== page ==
On Jan. 9, 2011, the trainer of the Green Bay Packers went through the locker room after the playoff game and announced to some of the players, like center Scott Wells, that he was going to have a drug test the next day. Scott argued that he just passed one and was it really necessary.
No to worry Scott, because he has ample time, 15 hours, to do whatever is necessary to tamper with his sample so that it will be a worthless test… it will come out clean, but the protocol of announcing before hand, even an hour, is highly irregular.
The Olympic Committee tests its athletes immediately, which is the accepted method. Travis Tygart, the head of the U.S. Anti-Doping Agency said: “The world knows you can’t give advanced notice for testing for it to be effective.”
The Center for Drug Free Sport is the contractor that the NFL uses to implement their drug testing policy. They took input from the Player’s Association and the Packers refused comment when question about this dubious procedure.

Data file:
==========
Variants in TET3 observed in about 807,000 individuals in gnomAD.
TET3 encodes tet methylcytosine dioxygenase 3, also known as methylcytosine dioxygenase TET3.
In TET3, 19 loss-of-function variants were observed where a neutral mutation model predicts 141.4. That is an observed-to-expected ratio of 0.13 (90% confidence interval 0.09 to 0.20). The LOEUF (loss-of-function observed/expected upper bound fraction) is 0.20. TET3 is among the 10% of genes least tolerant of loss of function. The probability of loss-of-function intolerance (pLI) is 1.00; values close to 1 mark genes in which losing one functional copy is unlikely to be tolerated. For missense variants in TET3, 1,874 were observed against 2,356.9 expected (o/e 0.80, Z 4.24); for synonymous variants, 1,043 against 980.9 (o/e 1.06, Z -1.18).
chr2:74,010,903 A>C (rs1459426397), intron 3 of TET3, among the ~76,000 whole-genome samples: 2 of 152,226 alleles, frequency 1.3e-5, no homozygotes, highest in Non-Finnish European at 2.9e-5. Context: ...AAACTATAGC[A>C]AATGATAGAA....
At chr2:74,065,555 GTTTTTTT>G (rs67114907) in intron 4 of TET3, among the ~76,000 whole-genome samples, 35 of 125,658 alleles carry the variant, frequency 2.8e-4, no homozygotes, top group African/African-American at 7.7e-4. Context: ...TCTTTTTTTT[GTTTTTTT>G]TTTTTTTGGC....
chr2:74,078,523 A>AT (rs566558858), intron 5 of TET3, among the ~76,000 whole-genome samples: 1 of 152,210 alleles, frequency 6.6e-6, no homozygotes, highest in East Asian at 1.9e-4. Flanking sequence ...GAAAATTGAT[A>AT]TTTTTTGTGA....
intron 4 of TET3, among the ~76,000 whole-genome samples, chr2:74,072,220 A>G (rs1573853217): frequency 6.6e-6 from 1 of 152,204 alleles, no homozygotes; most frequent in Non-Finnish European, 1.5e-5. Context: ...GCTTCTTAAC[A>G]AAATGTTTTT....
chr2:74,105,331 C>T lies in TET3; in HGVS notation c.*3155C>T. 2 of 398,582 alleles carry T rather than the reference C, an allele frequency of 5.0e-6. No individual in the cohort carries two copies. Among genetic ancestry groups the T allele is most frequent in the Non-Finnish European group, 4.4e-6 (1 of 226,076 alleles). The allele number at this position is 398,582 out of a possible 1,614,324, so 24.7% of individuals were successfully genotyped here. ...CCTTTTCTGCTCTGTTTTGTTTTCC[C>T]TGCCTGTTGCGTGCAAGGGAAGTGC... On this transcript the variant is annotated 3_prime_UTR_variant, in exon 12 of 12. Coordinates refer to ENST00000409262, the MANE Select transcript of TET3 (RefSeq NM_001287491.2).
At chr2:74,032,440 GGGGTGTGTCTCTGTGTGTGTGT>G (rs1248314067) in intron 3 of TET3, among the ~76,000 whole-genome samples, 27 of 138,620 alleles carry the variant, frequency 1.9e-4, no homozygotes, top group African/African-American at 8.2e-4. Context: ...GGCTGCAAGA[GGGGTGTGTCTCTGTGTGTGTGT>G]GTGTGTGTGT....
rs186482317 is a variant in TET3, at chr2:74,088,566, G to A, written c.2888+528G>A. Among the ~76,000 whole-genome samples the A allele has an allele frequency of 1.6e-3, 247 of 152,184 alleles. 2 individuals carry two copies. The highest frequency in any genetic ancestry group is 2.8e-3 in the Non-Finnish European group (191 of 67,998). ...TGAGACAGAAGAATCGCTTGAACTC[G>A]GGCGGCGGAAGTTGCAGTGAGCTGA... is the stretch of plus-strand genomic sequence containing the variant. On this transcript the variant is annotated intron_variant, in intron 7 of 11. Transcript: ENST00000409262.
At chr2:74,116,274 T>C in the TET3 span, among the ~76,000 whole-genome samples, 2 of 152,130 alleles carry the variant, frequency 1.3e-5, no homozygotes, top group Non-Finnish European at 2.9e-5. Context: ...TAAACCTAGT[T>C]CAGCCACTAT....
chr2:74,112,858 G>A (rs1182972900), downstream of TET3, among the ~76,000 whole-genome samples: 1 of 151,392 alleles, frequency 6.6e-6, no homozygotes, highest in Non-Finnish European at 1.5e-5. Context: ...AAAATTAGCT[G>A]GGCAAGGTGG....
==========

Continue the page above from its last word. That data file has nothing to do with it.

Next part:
The Vice President of the NFL, Adolfo Birch, said that this was only done on game days because the players are many times give the next day off and they wanted to be sure that they showed up for the test. He said that he didn’t agree with the advance notice because it compromises the accuracy of the test. He said that at other times the players are given test without notice and that their labs screen for “masking agents” that could be part of the collected samples. Mr. Birch said that this only happens on game day.
This is part of the problem since a player would take a Performance endurance-boosting EPO the morning of the game and know that he isn’t going to be tested until Monday morning, which is ample time for the drug to have be metabolized. (thanks to the Wall Street Journal for this data)